Modern feminist understanding of gender, and really our feminized society as a whole, is based to it’s very foundations on an anachronism even more outdated than some mythologized chauvinist era when “men had it so good, while women were their doting, unwitting slaves.”
The Curse of Jung
I go into a lot of detail describing feminine social conventions on this blog. Some people think it’s unfair to target just female conventions; there are after all many other social conventions that apply to men as well. I’d agree with this of course, and besides this blog’s focus being given to the social/psychological aspects of Game, those male conventions have already been (and still are) the subject of, literally, centuries of analysis and scrutiny. However, I’m going to focus on one to illustrate the progression of the cultural shift that was prompted by the sexual revolution.
Among the many archetypically masculine traits is a man’s reservations of emotion. For various biological and neurological reasons, men are the more rational of the sexes. This isn’t to deny them an emotional element. Indeed I’ve described men as the true romantics, however, classically men have to a better degree than women, been the more reserved gender when it comes to expressing emotion. What I’ve just described here is one of the base tenets of Carl Jung’s school of psychological theory. It’s kind of ironic that Freud would be so vilified by modern feminism, yet find his protege Jung would contribute so much to the fundamentals of the feminization of society.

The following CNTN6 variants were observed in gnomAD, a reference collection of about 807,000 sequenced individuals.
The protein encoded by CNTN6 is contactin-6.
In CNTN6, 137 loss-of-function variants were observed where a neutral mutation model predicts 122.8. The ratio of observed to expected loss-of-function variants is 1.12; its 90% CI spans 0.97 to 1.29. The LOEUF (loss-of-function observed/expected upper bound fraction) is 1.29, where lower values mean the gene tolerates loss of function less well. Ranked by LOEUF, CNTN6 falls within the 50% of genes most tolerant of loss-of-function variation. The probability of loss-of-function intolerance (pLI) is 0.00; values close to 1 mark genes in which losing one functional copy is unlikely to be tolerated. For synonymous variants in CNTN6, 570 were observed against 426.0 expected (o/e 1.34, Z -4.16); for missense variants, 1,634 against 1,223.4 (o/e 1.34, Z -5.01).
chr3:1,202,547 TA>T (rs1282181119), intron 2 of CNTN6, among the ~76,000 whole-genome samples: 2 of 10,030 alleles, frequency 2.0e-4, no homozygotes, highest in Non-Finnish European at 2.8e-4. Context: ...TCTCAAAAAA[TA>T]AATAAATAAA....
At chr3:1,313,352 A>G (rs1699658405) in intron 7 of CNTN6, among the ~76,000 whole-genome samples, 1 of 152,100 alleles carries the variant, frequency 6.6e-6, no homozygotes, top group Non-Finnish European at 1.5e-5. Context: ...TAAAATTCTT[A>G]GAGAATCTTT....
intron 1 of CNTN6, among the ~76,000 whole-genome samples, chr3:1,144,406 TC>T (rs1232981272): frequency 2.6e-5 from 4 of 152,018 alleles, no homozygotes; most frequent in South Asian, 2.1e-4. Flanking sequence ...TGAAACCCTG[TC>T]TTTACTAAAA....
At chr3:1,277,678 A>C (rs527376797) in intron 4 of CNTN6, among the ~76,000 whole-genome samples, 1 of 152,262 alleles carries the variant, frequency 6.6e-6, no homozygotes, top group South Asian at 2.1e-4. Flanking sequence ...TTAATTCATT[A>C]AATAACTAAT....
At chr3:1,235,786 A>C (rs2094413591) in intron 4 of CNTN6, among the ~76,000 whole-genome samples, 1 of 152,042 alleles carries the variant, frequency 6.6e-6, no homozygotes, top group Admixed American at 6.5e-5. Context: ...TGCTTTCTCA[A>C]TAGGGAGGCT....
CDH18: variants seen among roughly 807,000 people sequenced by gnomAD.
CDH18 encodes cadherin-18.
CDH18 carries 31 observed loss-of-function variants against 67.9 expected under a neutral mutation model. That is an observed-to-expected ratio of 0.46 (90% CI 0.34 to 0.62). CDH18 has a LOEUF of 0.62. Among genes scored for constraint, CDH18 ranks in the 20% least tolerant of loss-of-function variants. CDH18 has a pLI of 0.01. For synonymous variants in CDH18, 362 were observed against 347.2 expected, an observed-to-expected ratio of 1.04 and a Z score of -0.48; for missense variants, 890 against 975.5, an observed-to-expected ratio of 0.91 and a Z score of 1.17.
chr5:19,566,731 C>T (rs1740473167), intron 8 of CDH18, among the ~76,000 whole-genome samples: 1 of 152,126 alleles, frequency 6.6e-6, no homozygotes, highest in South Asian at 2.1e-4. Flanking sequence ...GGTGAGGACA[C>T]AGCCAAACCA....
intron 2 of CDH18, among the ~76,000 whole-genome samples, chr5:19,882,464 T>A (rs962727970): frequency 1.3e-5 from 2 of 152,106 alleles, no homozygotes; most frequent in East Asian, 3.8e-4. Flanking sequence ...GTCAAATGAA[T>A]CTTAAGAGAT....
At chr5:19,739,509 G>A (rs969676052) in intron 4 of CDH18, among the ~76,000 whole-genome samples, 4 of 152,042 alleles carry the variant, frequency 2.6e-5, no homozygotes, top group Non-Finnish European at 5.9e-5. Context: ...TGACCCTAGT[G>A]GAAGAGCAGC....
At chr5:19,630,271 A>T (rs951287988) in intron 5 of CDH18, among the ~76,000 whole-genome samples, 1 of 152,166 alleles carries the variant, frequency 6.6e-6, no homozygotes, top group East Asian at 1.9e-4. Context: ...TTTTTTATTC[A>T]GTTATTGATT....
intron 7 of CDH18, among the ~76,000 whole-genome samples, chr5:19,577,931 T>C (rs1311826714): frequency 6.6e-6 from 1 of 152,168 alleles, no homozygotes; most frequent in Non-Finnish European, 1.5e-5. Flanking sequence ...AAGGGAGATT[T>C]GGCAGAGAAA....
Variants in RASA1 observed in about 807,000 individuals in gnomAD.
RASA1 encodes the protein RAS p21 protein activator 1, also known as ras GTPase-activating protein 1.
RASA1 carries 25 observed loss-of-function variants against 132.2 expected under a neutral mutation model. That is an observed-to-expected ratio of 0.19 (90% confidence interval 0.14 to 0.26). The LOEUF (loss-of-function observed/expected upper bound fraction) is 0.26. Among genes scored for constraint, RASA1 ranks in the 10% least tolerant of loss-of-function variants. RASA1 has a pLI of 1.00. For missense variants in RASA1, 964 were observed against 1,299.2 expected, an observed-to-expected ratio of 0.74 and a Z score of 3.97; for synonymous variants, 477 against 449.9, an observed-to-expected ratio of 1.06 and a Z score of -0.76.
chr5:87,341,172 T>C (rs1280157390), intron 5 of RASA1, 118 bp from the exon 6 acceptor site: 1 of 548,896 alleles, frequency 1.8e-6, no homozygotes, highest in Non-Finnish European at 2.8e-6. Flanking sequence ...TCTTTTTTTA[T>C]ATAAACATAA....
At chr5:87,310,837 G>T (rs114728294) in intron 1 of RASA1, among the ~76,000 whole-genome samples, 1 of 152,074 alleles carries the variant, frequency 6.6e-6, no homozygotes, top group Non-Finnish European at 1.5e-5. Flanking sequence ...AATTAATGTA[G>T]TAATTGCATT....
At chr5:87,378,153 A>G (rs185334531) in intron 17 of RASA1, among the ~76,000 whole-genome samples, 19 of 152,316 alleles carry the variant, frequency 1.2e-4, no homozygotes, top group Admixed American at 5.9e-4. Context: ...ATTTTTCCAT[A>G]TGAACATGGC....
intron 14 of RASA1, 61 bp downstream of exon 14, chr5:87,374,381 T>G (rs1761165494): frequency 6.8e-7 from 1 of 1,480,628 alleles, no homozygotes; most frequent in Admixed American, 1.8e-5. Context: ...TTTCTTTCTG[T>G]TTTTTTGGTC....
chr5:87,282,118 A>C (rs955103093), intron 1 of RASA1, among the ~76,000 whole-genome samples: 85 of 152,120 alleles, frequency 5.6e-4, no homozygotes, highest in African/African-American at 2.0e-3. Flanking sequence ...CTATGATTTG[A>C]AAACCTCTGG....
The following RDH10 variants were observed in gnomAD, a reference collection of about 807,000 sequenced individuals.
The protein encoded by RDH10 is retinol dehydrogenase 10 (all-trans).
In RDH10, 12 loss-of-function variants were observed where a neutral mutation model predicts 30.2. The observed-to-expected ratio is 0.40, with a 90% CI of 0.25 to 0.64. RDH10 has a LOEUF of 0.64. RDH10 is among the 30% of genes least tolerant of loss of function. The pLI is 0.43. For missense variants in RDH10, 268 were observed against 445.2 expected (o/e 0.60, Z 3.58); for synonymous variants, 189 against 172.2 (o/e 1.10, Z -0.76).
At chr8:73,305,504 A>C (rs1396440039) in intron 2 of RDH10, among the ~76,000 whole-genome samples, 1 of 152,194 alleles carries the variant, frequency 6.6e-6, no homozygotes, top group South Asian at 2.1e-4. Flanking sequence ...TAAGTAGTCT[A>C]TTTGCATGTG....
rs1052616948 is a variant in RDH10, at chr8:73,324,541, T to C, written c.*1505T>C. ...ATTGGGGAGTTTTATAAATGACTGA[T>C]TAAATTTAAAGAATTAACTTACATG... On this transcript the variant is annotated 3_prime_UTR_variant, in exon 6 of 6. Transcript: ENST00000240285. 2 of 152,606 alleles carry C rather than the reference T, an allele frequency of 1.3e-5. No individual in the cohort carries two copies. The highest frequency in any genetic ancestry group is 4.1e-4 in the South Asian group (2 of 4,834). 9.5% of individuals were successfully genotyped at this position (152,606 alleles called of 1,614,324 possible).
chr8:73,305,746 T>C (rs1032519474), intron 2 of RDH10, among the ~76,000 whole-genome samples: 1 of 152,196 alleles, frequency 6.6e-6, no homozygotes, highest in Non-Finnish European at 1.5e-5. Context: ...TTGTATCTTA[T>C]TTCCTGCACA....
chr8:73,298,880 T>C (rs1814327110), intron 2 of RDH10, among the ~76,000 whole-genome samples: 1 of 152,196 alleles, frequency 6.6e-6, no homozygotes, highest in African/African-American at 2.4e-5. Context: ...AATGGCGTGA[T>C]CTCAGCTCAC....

One of the key elements Jung introduced into western culture’s popular consciousness is the theory of anima and animus; that each individual, irrespective of sex, possesses greater or lesser degrees of association and manifested behavior of masculine and feminine psychological affiliations. In 2012, when you hear a 6 year old girl tell a 6 year old boy “you need to get in touch with your feminine side” in order to get him to comply with her, you can begin to understand the scope to which this idea has been internalized into societies collective consciousness. So long and so thoroughly has this theory been repeated and perpetuated that we can scarcely trace back it’s origins – it’s simply taken as fact that men and women possess varying degrees of masculine and feminine energies. First and second wave feminism founded their psychological premises of gender on Jung’s ideas and so evolved the reasonings for a push towards the social feminization we know today. The seeds for the feminine-centrism we take for granted today were planted by a Swiss psychiatrist in the early 1900’s.